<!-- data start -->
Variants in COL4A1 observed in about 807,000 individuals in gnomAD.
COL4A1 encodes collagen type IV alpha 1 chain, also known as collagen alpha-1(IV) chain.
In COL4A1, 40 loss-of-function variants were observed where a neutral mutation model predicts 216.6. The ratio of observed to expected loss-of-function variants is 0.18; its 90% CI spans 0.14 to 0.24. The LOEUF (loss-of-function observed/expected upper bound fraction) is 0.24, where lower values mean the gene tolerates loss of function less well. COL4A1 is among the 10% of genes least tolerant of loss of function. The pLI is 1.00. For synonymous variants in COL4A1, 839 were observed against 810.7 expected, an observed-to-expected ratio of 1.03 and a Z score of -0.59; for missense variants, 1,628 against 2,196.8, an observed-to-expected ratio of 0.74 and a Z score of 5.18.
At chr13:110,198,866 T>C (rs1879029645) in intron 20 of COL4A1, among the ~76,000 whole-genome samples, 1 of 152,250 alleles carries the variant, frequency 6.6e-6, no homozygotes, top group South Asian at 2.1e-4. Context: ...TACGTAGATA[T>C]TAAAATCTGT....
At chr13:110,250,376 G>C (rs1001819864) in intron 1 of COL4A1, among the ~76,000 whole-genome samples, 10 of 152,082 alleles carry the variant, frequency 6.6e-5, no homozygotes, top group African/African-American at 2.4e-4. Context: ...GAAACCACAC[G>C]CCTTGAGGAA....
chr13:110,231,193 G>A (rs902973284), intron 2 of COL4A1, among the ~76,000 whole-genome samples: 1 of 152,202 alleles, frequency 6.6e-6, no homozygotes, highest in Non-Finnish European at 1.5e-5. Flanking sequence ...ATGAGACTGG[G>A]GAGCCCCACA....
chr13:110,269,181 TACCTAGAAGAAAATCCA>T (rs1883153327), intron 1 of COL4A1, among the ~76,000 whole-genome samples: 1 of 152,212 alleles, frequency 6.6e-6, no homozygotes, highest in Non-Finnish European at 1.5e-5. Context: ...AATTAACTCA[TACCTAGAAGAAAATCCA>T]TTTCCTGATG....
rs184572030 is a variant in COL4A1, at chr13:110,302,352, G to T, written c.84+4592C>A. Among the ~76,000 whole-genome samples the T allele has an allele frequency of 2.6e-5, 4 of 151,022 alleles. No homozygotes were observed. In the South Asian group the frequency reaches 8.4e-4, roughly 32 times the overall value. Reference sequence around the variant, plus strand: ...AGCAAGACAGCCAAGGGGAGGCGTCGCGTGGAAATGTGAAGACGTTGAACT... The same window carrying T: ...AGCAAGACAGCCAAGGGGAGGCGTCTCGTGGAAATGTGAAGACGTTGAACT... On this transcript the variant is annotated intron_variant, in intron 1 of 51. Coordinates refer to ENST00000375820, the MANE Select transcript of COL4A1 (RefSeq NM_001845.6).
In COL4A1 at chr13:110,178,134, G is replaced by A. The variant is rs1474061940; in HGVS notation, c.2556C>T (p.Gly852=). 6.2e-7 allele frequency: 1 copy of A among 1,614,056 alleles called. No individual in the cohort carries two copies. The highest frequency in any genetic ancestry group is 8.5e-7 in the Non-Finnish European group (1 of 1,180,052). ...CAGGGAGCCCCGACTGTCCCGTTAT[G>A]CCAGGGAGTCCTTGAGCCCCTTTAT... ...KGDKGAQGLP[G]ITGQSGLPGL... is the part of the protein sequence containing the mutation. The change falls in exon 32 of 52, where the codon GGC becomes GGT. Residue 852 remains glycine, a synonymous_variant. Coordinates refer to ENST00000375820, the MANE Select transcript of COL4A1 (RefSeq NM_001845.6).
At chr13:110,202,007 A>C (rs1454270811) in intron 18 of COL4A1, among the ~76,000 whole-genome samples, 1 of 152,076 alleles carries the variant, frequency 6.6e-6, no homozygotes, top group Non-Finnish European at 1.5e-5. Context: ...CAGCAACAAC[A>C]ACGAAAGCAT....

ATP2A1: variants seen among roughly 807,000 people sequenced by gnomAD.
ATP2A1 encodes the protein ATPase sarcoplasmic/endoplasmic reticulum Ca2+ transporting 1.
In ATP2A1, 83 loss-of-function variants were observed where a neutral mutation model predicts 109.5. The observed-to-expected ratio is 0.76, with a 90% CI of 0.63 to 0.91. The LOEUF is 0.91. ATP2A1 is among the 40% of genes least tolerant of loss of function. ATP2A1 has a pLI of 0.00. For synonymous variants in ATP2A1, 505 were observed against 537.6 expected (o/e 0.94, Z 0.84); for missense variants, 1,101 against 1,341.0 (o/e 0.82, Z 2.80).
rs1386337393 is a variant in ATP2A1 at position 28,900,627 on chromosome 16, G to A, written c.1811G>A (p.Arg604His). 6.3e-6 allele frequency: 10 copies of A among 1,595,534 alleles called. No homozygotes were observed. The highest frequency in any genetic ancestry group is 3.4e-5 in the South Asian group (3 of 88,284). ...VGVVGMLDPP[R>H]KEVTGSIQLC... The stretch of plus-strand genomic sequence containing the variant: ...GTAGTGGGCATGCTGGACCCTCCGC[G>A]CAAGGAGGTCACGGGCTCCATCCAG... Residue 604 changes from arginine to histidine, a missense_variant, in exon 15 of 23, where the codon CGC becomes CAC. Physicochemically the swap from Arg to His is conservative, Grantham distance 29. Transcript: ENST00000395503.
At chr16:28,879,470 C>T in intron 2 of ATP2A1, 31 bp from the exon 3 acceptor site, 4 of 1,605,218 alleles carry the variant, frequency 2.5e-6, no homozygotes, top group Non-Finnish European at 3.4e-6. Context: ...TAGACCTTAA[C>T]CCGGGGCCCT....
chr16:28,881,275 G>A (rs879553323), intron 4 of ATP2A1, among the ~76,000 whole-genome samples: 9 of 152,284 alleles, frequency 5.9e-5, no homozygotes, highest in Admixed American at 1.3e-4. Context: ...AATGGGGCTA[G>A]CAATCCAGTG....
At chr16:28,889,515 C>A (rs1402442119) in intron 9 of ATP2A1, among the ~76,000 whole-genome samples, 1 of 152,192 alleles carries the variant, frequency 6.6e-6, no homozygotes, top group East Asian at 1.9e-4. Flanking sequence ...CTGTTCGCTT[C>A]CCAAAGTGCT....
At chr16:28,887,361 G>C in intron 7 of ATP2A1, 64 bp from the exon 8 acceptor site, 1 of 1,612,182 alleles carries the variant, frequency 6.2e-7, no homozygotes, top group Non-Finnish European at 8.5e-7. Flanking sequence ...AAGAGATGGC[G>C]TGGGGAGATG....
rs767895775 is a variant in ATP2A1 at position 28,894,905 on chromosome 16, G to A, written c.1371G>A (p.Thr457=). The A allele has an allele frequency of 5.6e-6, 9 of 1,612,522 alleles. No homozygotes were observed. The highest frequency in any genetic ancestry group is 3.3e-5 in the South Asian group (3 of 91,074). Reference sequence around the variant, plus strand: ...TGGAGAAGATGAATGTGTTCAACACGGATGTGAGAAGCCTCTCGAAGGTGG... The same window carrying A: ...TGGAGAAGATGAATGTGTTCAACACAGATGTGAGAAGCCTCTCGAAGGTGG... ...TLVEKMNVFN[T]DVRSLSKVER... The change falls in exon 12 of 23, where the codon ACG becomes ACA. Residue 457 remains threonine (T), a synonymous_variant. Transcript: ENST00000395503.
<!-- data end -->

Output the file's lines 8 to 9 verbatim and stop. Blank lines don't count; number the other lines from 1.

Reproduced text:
rs184572030 is a variant in COL4A1, at chr13:110,302,352, G to T, written c.84+4592C>A. Among the ~76,000 whole-genome samples the T allele has an allele frequency of 2.6e-5, 4 of 151,022 alleles. No homozygotes were observed. In the South Asian group the frequency reaches 8.4e-4, roughly 32 times the overall value. Reference sequence around the variant, plus strand: ...AGCAAGACAGCCAAGGGGAGGCGTCGCGTGGAAATGTGAAGACGTTGAACT... The same window carrying T: ...AGCAAGACAGCCAAGGGGAGGCGTCTCGTGGAAATGTGAAGACGTTGAACT... On this transcript the variant is annotated intron_variant, in intron 1 of 51. Coordinates refer to ENST00000375820, the MANE Select transcript of COL4A1 (RefSeq NM_001845.6).
In COL4A1 at chr13:110,178,134, G is replaced by A. The variant is rs1474061940; in HGVS notation, c.2556C>T (p.Gly852=). 6.2e-7 allele frequency: 1 copy of A among 1,614,056 alleles called. No individual in the cohort carries two copies. The highest frequency in any genetic ancestry group is 8.5e-7 in the Non-Finnish European group (1 of 1,180,052). ...CAGGGAGCCCCGACTGTCCCGTTAT[G>A]CCAGGGAGTCCTTGAGCCCCTTTAT... ...KGDKGAQGLP[G]ITGQSGLPGL... is the part of the protein sequence containing the mutation. The change falls in exon 32 of 52, where the codon GGC becomes GGT. Residue 852 remains glycine, a synonymous_variant. Coordinates refer to ENST00000375820, the MANE Select transcript of COL4A1 (RefSeq NM_001845.6).